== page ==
Regular flights arrive from Honiara to Gizo, where a number of lodgings accommodate surfers, ranging from rural village stays to exclusive eco-lodges. While waves have recognised names, surfers are still few and far between.

A few minutes by bus or taxi from Gizo is Pailongge, a long right that’s well exposed to swell. It works best on bigger swells, when the wave’s sections join up and it can get hollow. It breaks in front of a village where a couple of local surfers reside and have helped set up a quaint and convenient home stay; ask for Sammy. A little further south is Titiana, which surfers can also paddle out to.

Across the water from Gizo on an idyllic beach lies Sanbis Resort, an eco-lodge perfect for those seeking a touch of luxury. Private villas, hot water, ensuites, a gourmet kitchen and WiFi: Sanbis marries isolation with comfort. While it accommodates 20 guests, a maximum of 8 surfers fit on one boat to reach the waves.

Venturing further afield and with access to more isolated breaks is Zipolo Habu Resort, on remote and utterly scenic Lola Island. Nearby, Skull Island has reputedly the Solomons longest rights, but is notoriously fickle. Desperates, a punchy and hollow right, is also here.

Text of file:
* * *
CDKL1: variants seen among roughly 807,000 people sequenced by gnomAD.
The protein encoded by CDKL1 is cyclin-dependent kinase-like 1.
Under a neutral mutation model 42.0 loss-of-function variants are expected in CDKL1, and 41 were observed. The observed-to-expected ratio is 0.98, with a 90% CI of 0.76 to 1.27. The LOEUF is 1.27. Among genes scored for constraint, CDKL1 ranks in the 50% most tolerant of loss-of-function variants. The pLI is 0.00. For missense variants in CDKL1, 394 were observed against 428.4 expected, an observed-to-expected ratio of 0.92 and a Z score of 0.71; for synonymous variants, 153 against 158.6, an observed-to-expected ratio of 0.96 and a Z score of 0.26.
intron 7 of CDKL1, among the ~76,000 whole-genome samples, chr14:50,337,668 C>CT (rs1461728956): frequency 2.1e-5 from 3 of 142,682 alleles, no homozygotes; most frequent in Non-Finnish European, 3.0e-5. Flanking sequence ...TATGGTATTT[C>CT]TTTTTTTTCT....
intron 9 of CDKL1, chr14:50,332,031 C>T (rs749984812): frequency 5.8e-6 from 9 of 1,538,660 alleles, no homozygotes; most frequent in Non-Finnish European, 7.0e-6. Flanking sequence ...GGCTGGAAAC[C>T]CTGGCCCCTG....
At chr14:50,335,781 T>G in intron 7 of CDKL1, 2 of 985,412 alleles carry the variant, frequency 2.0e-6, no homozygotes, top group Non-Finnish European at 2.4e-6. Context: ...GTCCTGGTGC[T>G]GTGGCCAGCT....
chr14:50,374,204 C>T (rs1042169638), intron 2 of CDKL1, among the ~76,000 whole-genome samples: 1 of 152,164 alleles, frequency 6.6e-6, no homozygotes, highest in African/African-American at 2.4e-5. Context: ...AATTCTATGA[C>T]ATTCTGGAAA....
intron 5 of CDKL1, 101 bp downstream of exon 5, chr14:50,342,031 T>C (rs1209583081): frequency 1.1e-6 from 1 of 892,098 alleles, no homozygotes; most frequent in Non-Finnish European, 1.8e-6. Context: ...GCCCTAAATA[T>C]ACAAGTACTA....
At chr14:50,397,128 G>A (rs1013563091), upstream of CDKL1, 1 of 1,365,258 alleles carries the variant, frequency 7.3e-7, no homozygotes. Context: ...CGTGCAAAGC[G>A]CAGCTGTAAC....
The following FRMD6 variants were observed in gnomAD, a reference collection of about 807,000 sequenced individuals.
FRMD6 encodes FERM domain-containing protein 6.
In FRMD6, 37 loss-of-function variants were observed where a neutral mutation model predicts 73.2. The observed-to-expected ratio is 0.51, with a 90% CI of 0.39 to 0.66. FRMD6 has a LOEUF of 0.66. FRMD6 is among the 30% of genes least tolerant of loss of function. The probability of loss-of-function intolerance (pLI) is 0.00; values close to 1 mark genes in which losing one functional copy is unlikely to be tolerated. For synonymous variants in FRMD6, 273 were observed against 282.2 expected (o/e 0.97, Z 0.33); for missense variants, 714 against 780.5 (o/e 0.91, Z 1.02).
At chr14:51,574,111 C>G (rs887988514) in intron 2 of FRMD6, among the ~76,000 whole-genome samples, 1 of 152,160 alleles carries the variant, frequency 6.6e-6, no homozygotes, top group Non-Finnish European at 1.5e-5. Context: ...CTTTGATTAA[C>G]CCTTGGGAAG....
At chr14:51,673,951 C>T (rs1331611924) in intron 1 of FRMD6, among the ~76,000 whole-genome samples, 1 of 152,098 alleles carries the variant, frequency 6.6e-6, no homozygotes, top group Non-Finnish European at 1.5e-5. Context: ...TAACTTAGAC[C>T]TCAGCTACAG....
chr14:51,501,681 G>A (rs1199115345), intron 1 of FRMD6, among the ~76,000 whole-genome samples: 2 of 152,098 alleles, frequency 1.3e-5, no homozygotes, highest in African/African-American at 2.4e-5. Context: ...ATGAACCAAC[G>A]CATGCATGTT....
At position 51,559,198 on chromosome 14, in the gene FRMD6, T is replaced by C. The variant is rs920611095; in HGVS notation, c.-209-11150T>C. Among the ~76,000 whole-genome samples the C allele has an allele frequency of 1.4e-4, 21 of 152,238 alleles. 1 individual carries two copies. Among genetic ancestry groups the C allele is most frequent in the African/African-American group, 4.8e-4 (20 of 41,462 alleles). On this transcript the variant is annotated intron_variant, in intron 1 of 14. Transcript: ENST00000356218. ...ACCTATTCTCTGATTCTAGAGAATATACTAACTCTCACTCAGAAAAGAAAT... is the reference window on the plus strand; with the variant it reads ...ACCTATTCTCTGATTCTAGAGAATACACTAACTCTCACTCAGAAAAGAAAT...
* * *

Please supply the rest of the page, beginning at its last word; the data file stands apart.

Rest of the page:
Isabel and the West are by no means all there is to surfing in the Solomons, yet they are an easy day’s journey from Honiara and have accommodation for surfers. A map of the Solomons presents miles of potential island reefs, bays and crevices for swell to wrap around: look to north Malaita, the northwest tip of Guadalcanal, Central, and Makira’s Star Harbour.

Out the front of Vavaghio. Credit: Ben King

Exploration vs. exploitation: Among surfers there is a deep-seated fear around exposing such splendid isolation – what if it gets crowded? In the Solomons forestry and fishing have ravaged landscapes in and out of the water as well as unsettled village life. A surfer’s fear should be measured against a country desperate for a sustainable economy. There is a nationwide push for eco-tourism; it is regarded as a catalyst for rural development. In any case, given the nation’s limited infrastructure, the logistical challenges of reaching these reefs, and the unreliability of almost everything, well, anyone willing to take on the adventure deserves the rewards.


About Keri Algar

Keri has an insatiable appetite for travel, discovery and surf. You may find her among the happy isles, smiles and empty barrels of Melanesia, or swinging her hips at a Spanish fiesta, underwater in Mexico, on top of the Argentine alps, or at home in New Zealand with her nose in a book. She is delighted by difference - both people and places, and is inspired by those who follow their own path through life with passion and courage.